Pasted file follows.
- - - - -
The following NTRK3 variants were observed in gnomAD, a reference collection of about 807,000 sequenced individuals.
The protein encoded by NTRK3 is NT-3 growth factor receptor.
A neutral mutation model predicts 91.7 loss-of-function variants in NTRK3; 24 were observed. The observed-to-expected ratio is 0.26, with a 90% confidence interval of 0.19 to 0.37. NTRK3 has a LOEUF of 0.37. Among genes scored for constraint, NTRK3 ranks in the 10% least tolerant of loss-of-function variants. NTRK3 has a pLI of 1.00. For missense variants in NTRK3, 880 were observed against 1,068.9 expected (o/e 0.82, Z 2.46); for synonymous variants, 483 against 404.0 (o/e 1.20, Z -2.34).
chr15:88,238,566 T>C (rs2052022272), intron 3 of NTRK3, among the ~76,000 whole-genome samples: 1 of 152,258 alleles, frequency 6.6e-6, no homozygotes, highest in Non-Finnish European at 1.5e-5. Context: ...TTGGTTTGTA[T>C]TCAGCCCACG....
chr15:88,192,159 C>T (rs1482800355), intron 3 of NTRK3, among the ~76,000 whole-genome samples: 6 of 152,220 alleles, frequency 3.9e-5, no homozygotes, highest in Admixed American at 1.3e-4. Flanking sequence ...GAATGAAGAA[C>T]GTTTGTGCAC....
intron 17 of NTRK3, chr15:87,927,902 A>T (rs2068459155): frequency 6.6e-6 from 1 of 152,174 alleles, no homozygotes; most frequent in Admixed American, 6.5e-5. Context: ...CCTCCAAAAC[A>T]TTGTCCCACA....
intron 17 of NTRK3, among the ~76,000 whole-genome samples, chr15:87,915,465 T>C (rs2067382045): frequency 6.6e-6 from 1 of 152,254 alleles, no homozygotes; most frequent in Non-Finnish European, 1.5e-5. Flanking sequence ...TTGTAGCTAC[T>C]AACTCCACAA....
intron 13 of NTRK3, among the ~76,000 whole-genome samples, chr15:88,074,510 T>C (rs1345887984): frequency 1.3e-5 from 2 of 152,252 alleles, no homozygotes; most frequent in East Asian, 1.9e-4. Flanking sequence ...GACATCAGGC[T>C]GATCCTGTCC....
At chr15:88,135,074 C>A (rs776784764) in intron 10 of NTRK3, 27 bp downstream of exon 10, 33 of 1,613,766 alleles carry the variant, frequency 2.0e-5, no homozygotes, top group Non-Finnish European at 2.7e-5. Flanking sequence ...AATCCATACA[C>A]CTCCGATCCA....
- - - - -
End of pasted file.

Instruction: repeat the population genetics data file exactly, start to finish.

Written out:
The following NTRK3 variants were observed in gnomAD, a reference collection of about 807,000 sequenced individuals.
The protein encoded by NTRK3 is NT-3 growth factor receptor.
A neutral mutation model predicts 91.7 loss-of-function variants in NTRK3; 24 were observed. The observed-to-expected ratio is 0.26, with a 90% confidence interval of 0.19 to 0.37. NTRK3 has a LOEUF of 0.37. Among genes scored for constraint, NTRK3 ranks in the 10% least tolerant of loss-of-function variants. NTRK3 has a pLI of 1.00. For missense variants in NTRK3, 880 were observed against 1,068.9 expected (o/e 0.82, Z 2.46); for synonymous variants, 483 against 404.0 (o/e 1.20, Z -2.34).
chr15:88,238,566 T>C (rs2052022272), intron 3 of NTRK3, among the ~76,000 whole-genome samples: 1 of 152,258 alleles, frequency 6.6e-6, no homozygotes, highest in Non-Finnish European at 1.5e-5. Context: ...TTGGTTTGTA[T>C]TCAGCCCACG....
chr15:88,192,159 C>T (rs1482800355), intron 3 of NTRK3, among the ~76,000 whole-genome samples: 6 of 152,220 alleles, frequency 3.9e-5, no homozygotes, highest in Admixed American at 1.3e-4. Flanking sequence ...GAATGAAGAA[C>T]GTTTGTGCAC....
intron 17 of NTRK3, chr15:87,927,902 A>T (rs2068459155): frequency 6.6e-6 from 1 of 152,174 alleles, no homozygotes; most frequent in Admixed American, 6.5e-5. Context: ...CCTCCAAAAC[A>T]TTGTCCCACA....
intron 17 of NTRK3, among the ~76,000 whole-genome samples, chr15:87,915,465 T>C (rs2067382045): frequency 6.6e-6 from 1 of 152,254 alleles, no homozygotes; most frequent in Non-Finnish European, 1.5e-5. Flanking sequence ...TTGTAGCTAC[T>C]AACTCCACAA....
intron 13 of NTRK3, among the ~76,000 whole-genome samples, chr15:88,074,510 T>C (rs1345887984): frequency 1.3e-5 from 2 of 152,252 alleles, no homozygotes; most frequent in East Asian, 1.9e-4. Flanking sequence ...GACATCAGGC[T>C]GATCCTGTCC....
At chr15:88,135,074 C>A (rs776784764) in intron 10 of NTRK3, 27 bp downstream of exon 10, 33 of 1,613,766 alleles carry the variant, frequency 2.0e-5, no homozygotes, top group Non-Finnish European at 2.7e-5. Flanking sequence ...AATCCATACA[C>A]CTCCGATCCA....